Monday, March 15, 2010

Schizophrenia and Violent Crime

A short summary of the latest longitudinal study on the relation of schizophrenia and crime. The entire article is available here.

Associate Professor Niklas Långström

Schizophrenia, Substance Abuse, and Violent Crime

Seena Fazel, MD
Niklas La°ngström, MD, PhD
Anders Hjern, PhD
Martin Grann, PhD
Paul Lichtenstein, PhD

JAMA, May 20, 2009—Vol 301, No. 19
©2009 American Medical Association. All rights reserved.

More than 20 epidemiological studies have reported on the association between major mental disorder and violence, including more than 10 that specifically have examined the relationship with schizophrenia. These reports typically find that schizophrenia is related to a 4- to 6-fold increased risk of violent behavior, which has led to the view that schizophrenia and other major mental disorders are preventable causes of violence
and violent crime.

However, uncertainties remain regarding the reported link.

First, there are wide variations in risk estimates. Second, there is considerable uncertainty whether schizophrenia without substance abuse comorbidity is actually associated with violence. Third, the possible contribution of genetic and early environmental factors in mediating the link between schizophrenia and violence has not been reliably studied.

Conceptual models of violence in schizophrenia postulate that patients with schizophrenia are violent as a consequence of the psychopathologic symptoms of the disorder itself (eg, delusions, hallucinations11) or secondary to comorbid substance use (an established risk factor for violence12).

An alternative model is that schizophrenia and violent behavior co-occur because of familial factors (genetic or early environmental) that are related to both (eg, personality traits such as irritability, poor anger management, or inadequate coping with stress)

If, as we hypothesize, the association of schizophrenia and violence disappears when substance abuse is accounted for and appropriate adjustments are made for confounding, this would suggest that assessment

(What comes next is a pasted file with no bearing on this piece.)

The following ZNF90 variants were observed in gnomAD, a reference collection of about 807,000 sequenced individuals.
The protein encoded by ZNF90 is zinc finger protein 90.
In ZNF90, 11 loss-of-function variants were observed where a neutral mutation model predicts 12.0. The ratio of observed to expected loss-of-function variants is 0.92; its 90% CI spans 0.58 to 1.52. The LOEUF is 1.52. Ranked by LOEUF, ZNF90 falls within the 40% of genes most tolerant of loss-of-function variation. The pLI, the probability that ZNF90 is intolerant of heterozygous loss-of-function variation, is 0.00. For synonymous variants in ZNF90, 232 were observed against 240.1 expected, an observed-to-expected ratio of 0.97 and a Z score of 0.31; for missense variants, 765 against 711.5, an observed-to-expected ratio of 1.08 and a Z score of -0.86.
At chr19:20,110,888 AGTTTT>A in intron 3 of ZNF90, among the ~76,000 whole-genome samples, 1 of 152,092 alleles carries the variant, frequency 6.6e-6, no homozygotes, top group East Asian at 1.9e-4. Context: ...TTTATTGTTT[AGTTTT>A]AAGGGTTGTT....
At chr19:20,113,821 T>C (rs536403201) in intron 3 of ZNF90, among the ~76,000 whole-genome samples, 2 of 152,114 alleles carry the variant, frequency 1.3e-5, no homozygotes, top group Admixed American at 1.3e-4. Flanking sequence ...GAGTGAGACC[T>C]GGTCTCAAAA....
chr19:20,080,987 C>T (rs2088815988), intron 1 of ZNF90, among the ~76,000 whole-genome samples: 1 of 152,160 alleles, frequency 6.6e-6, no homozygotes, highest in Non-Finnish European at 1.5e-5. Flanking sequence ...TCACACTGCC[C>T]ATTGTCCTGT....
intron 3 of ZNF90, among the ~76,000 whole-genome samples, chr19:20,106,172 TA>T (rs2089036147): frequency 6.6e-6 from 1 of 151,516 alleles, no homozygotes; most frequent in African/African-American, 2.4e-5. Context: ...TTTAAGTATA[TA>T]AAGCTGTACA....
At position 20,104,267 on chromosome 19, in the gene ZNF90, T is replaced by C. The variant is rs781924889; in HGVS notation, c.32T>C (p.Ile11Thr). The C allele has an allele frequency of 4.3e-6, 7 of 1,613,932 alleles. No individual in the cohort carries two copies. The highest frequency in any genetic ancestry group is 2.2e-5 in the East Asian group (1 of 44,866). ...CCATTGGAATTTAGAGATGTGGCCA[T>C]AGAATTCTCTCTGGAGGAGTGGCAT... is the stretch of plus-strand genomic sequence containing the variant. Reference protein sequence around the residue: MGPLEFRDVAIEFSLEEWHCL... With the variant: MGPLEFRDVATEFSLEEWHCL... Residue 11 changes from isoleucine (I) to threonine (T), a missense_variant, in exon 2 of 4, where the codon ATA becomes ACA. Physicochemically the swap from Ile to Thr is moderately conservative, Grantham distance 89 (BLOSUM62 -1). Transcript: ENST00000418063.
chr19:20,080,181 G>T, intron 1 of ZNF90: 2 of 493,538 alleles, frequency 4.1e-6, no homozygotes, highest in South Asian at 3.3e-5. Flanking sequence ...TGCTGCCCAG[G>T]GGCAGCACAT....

and treatment for substance abuse comorbidity should be prioritized in individuals deemed at risk. It would
also explain why attempts to find psychotic symptoms associated with violence have produced contradictory results.

Therefore, by using longitudinal designs, we examined the relationship of schizophrenia with violent crime in Sweden from 1973 until 2006.

Our study has 2main findings. First, the association between schizophrenia and violent crime is minimal unless
the patient is also diagnosed as having substance abuse comorbidity.

Whether it is necessary to assess violence risk in all patients, as recommended in the current guidelines of the American Psychiatric Association with “substantial clinical confidence,” the highest category of evidence, will depend on a variety of individual and local factors, including service provision.

On the other hand, our data concur with the importance of effective psychiatric treatment from a public health perspective and the importance of evidence based prevention strategies for dealing with substance abuse.

The second main finding is the variation in violence risk depending on the degree of relatedness between the patient and the control group.

Compared with unrelated general population controls, the risk of violent crime in individuals with schizophrenia and substance abuse comorbidity was increased 4-fold (OR, 4.4; 95% CI, 3.9-5.0). However, unaffected siblings had increased rates of substance abuse compared with unrelated general population controls, which meant that the risk increase for schizophrenia with substance abuse comorbidity compared with these siblings was substantially reduced (OR, 1.8; 95% CI, 1.4-2.4), suggesting familial confounding of this association. Familial confounding may occur through genetic susceptibility or early environmental effects.

In summary, we used longitudinal designs to investigate the risk of violent crime in patients with schizophrenia.Our study substantially increases the evidence base by including more individuals with schizophrenia than the previous studies combined and more precise methods to handle confounding. We demonstrate that the risk of violent crime in schizophrenia in patients without co-morbid substance abuse is only slightly increased. In contrast, the risk is substantially increased among patients with comorbidity and suggests that current practice for violence risk assessment and management in schizophrenia may need review.

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